Please Play The Lob When Under Pressure!

Squash is often about hitting the ball hard and fast. Trying to punish any weak return with a nick or winner. The problem with this approach is that we get into the habit of hitting our shots fast and forget that pace variation is important, but also that we have many jobs as a squash player.

19 May 2022 / 3-Min Read / Translate↗

Being an individual sport, it means that you often think you have one job – to win the point, and in many ways that is true, but there are many ways to win a point!

A squash player stretching forward to play a lob

If we take football (soccer for some people) as an example, there are essentially three jobs: attack (scoring goals), midfield (creating chances) and defense (stopping goals from being scored). If we transfer those jobs to a squash player, it’s easy to see that players neglect the defensive role. Which is where the lob comes in.

We are scrambling to reach the ball at the front and before we have realised what has happened, we have whacked the ball back and most likely not a great shot. This is where professional squash players have the presence of mind to take away to advantage of the attacking player and even turn defense into attack. Too many cl8ub players have told me that they don’t play lobs because that’s not a satisfying shot to play!

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I’m shocked. Besides a beautiful rolling nick, a lob that takes me from being under pressure to PUTTING my opponent under pressure is one of the most satisfying feelings I know. Watching that ball sail through the air, unable to be volleyed, only to drop into the corner, forcing my opponent into a weak return or at best leaving them noting to hit, is pure joy. I’ve turned the tables on their attacking shot.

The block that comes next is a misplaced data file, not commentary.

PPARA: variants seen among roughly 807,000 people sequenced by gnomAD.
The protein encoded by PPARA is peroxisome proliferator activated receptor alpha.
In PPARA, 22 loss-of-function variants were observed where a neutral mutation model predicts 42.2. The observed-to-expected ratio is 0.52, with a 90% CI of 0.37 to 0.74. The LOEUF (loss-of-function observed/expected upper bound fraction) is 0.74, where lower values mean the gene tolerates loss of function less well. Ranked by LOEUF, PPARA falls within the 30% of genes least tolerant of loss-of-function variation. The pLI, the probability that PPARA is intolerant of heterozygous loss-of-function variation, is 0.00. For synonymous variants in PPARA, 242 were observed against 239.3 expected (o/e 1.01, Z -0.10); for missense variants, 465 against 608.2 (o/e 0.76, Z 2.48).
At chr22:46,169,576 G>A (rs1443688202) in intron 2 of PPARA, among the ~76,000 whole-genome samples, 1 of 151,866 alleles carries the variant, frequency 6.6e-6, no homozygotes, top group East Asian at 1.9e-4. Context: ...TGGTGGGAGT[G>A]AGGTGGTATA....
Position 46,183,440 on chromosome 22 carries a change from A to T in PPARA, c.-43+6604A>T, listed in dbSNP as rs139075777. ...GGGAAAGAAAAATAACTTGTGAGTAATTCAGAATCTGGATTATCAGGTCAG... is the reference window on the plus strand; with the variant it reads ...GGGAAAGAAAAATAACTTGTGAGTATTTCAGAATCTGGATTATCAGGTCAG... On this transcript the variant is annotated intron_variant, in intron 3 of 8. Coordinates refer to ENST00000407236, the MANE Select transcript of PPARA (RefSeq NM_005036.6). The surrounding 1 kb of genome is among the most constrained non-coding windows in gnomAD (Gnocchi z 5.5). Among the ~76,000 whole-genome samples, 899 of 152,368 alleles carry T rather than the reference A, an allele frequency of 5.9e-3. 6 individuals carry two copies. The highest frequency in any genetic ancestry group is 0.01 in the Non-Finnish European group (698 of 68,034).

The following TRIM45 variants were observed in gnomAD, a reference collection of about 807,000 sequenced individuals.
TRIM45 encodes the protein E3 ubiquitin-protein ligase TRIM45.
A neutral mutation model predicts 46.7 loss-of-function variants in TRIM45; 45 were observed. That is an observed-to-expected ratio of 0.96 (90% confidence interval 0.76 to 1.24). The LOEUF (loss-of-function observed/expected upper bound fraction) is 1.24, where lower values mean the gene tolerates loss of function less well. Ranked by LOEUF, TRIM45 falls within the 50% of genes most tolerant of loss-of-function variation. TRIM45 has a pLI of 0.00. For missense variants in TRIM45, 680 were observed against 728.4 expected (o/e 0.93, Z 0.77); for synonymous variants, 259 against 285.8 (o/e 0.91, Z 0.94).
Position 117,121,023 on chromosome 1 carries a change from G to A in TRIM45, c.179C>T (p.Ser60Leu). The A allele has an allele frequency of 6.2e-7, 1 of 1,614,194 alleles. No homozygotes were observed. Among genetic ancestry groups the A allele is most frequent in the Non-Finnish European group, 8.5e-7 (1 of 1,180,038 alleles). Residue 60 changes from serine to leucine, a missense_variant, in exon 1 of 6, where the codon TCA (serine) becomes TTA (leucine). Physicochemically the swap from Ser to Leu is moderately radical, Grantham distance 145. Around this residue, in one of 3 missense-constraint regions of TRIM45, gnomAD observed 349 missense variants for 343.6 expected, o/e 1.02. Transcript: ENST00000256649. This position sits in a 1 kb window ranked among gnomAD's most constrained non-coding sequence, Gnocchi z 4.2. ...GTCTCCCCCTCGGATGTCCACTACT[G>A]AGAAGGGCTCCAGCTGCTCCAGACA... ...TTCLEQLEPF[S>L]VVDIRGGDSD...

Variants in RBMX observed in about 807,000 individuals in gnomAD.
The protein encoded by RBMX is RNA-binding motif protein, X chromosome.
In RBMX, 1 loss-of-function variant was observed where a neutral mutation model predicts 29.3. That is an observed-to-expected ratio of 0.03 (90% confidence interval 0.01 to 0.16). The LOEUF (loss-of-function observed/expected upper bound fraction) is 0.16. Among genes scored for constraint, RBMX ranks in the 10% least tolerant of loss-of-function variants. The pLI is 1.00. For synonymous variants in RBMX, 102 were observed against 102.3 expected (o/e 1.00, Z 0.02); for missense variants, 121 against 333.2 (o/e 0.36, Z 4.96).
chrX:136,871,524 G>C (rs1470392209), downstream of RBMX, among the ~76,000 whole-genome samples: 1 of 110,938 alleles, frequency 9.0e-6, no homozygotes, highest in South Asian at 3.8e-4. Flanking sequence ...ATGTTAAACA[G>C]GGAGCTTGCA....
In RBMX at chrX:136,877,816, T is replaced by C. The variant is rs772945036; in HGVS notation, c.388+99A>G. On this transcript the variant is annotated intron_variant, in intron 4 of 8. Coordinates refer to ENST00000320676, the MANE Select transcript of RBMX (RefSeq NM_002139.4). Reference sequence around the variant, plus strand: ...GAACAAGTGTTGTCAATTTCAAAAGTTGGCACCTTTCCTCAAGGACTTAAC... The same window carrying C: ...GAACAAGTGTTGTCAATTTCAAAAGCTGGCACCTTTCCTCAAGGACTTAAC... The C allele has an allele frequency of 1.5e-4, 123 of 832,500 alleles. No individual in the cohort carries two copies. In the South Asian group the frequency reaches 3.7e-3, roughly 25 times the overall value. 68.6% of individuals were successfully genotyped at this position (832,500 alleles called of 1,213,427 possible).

And you know what is frustrating? It’s a lot easier than you might think to hit good lobs. Sure, some courts are low or have strange ceiling supports that can make it difficult to really get the ball high, but for most courts, a good lob *is* possible. A quick anecdote: I used to coach at the BBC in White City, London and the two courts were in an old studio building and the height to the ceiling from the out line on the front wall was the same height as the court, so effectively twice the height. My god! Lobs took ages to come down from there. I miss those courts!

Two players on a squash court

To hit a good lob you need to get your racket head under the ball, have an open face and aim just above the service line – higher than that and you risk hitting the ceiling. Of course, a lot depends on how low you make contact with the ball, but assuming you are under pressure, it will probably be quite low.

A good pair drill to practice you lob is: P1 hits a boast, P2 hits a crosscourt lob, P1 hits a straight drive and P2 hits a boast and so on. After 5 minutes, swap sides. Start by hitting lowish lobs and get progressively more adventurous. You can even start with a serve, which is then hit straight and score the drill if you want to.

Final Thoughts

When under pressure at the front, switch to a defensive mentality and play a lob, it can give you time to recover, but if played well can turn defense into attack.

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I am a squash coach with nearly 40 years experience, teaching complete beginners through to professionals.

Currently, I call myself an "online squash coach" as I rarely coach on court.

I enjoy working with club players and strive to present information in an entertaining and engaging way.

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